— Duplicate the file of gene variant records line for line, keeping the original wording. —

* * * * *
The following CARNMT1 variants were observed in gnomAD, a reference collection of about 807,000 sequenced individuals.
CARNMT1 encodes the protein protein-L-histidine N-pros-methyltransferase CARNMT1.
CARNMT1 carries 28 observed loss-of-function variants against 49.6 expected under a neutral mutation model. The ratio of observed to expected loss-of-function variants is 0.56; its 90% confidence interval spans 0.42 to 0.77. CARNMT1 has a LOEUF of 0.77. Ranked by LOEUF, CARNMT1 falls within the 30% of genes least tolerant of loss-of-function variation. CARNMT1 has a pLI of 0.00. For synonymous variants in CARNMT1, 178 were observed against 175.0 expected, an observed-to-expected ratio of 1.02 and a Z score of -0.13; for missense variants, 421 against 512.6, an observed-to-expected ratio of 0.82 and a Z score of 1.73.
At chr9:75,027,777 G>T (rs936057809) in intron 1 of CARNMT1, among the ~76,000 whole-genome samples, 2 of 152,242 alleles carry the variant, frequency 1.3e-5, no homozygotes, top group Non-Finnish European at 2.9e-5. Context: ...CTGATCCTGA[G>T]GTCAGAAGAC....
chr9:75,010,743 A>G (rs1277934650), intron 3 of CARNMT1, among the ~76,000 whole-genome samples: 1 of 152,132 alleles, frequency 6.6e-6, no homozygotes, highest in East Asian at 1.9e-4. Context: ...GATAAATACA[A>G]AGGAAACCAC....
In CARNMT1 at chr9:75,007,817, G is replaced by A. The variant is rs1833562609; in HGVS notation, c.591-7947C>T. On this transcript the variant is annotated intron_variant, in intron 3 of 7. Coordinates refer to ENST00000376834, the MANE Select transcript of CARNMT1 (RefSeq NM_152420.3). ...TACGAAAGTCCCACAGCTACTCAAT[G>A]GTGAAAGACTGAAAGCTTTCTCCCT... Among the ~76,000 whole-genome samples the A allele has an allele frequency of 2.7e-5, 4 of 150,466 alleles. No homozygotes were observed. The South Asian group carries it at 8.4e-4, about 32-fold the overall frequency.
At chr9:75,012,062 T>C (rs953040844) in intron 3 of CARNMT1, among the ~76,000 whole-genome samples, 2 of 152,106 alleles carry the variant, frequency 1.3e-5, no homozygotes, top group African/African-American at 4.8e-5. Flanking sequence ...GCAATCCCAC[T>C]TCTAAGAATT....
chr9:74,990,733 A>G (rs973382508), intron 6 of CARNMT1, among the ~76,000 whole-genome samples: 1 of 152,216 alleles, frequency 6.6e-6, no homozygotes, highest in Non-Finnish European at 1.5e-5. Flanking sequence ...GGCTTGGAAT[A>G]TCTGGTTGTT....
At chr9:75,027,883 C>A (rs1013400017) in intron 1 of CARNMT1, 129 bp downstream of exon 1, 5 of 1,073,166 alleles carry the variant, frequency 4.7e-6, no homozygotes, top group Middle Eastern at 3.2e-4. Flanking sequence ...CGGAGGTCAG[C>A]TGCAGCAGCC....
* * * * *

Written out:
The following CARNMT1 variants were observed in gnomAD, a reference collection of about 807,000 sequenced individuals.
CARNMT1 encodes the protein protein-L-histidine N-pros-methyltransferase CARNMT1.
CARNMT1 carries 28 observed loss-of-function variants against 49.6 expected under a neutral mutation model. The ratio of observed to expected loss-of-function variants is 0.56; its 90% confidence interval spans 0.42 to 0.77. CARNMT1 has a LOEUF of 0.77. Ranked by LOEUF, CARNMT1 falls within the 30% of genes least tolerant of loss-of-function variation. CARNMT1 has a pLI of 0.00. For synonymous variants in CARNMT1, 178 were observed against 175.0 expected, an observed-to-expected ratio of 1.02 and a Z score of -0.13; for missense variants, 421 against 512.6, an observed-to-expected ratio of 0.82 and a Z score of 1.73.
At chr9:75,027,777 G>T (rs936057809) in intron 1 of CARNMT1, among the ~76,000 whole-genome samples, 2 of 152,242 alleles carry the variant, frequency 1.3e-5, no homozygotes, top group Non-Finnish European at 2.9e-5. Context: ...CTGATCCTGA[G>T]GTCAGAAGAC....
chr9:75,010,743 A>G (rs1277934650), intron 3 of CARNMT1, among the ~76,000 whole-genome samples: 1 of 152,132 alleles, frequency 6.6e-6, no homozygotes, highest in East Asian at 1.9e-4. Context: ...GATAAATACA[A>G]AGGAAACCAC....
In CARNMT1 at chr9:75,007,817, G is replaced by A. The variant is rs1833562609; in HGVS notation, c.591-7947C>T. On this transcript the variant is annotated intron_variant, in intron 3 of 7. Coordinates refer to ENST00000376834, the MANE Select transcript of CARNMT1 (RefSeq NM_152420.3). ...TACGAAAGTCCCACAGCTACTCAAT[G>A]GTGAAAGACTGAAAGCTTTCTCCCT... Among the ~76,000 whole-genome samples the A allele has an allele frequency of 2.7e-5, 4 of 150,466 alleles. No homozygotes were observed. The South Asian group carries it at 8.4e-4, about 32-fold the overall frequency.
At chr9:75,012,062 T>C (rs953040844) in intron 3 of CARNMT1, among the ~76,000 whole-genome samples, 2 of 152,106 alleles carry the variant, frequency 1.3e-5, no homozygotes, top group African/African-American at 4.8e-5. Flanking sequence ...GCAATCCCAC[T>C]TCTAAGAATT....
chr9:74,990,733 A>G (rs973382508), intron 6 of CARNMT1, among the ~76,000 whole-genome samples: 1 of 152,216 alleles, frequency 6.6e-6, no homozygotes, highest in Non-Finnish European at 1.5e-5. Flanking sequence ...GGCTTGGAAT[A>G]TCTGGTTGTT....
At chr9:75,027,883 C>A (rs1013400017) in intron 1 of CARNMT1, 129 bp downstream of exon 1, 5 of 1,073,166 alleles carry the variant, frequency 4.7e-6, no homozygotes, top group Middle Eastern at 3.2e-4. Flanking sequence ...CGGAGGTCAG[C>A]TGCAGCAGCC....